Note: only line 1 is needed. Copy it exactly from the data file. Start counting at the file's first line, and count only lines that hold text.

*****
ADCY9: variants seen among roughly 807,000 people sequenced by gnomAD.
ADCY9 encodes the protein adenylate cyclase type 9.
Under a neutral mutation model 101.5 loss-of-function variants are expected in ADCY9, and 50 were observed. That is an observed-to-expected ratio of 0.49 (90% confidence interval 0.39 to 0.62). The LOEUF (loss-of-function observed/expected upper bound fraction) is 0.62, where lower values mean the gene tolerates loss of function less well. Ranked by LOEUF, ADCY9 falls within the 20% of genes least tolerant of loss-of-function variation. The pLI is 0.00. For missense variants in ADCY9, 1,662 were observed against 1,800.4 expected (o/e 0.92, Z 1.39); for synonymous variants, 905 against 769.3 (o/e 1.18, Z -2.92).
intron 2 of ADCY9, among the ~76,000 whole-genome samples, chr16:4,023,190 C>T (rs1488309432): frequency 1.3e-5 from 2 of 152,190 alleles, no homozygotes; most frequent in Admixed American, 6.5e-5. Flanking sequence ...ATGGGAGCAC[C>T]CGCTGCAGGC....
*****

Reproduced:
ADCY9: variants seen among roughly 807,000 people sequenced by gnomAD.